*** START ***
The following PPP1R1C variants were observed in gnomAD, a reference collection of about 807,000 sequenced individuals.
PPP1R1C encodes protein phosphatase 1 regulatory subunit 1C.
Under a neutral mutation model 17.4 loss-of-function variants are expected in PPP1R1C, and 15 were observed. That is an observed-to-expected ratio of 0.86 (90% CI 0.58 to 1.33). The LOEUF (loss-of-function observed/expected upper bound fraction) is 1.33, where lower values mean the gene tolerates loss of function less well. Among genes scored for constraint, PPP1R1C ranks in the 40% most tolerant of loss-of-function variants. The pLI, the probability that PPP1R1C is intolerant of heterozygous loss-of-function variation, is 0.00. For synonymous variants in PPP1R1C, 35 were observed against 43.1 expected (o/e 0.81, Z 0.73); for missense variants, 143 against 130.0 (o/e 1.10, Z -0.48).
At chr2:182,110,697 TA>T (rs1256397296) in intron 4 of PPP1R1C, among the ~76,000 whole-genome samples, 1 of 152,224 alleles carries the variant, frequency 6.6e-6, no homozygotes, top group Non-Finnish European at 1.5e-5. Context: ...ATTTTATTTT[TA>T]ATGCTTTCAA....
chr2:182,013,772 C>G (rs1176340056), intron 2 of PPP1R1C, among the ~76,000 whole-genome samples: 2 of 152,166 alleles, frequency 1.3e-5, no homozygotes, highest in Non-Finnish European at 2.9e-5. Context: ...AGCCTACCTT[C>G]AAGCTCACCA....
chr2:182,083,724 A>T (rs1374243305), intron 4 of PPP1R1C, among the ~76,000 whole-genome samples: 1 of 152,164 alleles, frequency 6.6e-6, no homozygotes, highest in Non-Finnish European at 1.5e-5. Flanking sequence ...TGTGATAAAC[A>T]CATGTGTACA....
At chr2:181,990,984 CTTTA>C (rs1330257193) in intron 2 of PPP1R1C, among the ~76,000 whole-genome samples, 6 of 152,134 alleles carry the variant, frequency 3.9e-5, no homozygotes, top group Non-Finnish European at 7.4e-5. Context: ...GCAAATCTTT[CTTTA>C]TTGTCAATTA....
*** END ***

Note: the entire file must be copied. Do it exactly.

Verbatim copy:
The following PPP1R1C variants were observed in gnomAD, a reference collection of about 807,000 sequenced individuals.
PPP1R1C encodes protein phosphatase 1 regulatory subunit 1C.
Under a neutral mutation model 17.4 loss-of-function variants are expected in PPP1R1C, and 15 were observed. That is an observed-to-expected ratio of 0.86 (90% CI 0.58 to 1.33). The LOEUF (loss-of-function observed/expected upper bound fraction) is 1.33, where lower values mean the gene tolerates loss of function less well. Among genes scored for constraint, PPP1R1C ranks in the 40% most tolerant of loss-of-function variants. The pLI, the probability that PPP1R1C is intolerant of heterozygous loss-of-function variation, is 0.00. For synonymous variants in PPP1R1C, 35 were observed against 43.1 expected (o/e 0.81, Z 0.73); for missense variants, 143 against 130.0 (o/e 1.10, Z -0.48).
At chr2:182,110,697 TA>T (rs1256397296) in intron 4 of PPP1R1C, among the ~76,000 whole-genome samples, 1 of 152,224 alleles carries the variant, frequency 6.6e-6, no homozygotes, top group Non-Finnish European at 1.5e-5. Context: ...ATTTTATTTT[TA>T]ATGCTTTCAA....
chr2:182,013,772 C>G (rs1176340056), intron 2 of PPP1R1C, among the ~76,000 whole-genome samples: 2 of 152,166 alleles, frequency 1.3e-5, no homozygotes, highest in Non-Finnish European at 2.9e-5. Context: ...AGCCTACCTT[C>G]AAGCTCACCA....
chr2:182,083,724 A>T (rs1374243305), intron 4 of PPP1R1C, among the ~76,000 whole-genome samples: 1 of 152,164 alleles, frequency 6.6e-6, no homozygotes, highest in Non-Finnish European at 1.5e-5. Flanking sequence ...TGTGATAAAC[A>T]CATGTGTACA....
At chr2:181,990,984 CTTTA>C (rs1330257193) in intron 2 of PPP1R1C, among the ~76,000 whole-genome samples, 6 of 152,134 alleles carry the variant, frequency 3.9e-5, no homozygotes, top group Non-Finnish European at 7.4e-5. Context: ...GCAAATCTTT[CTTTA>C]TTGTCAATTA....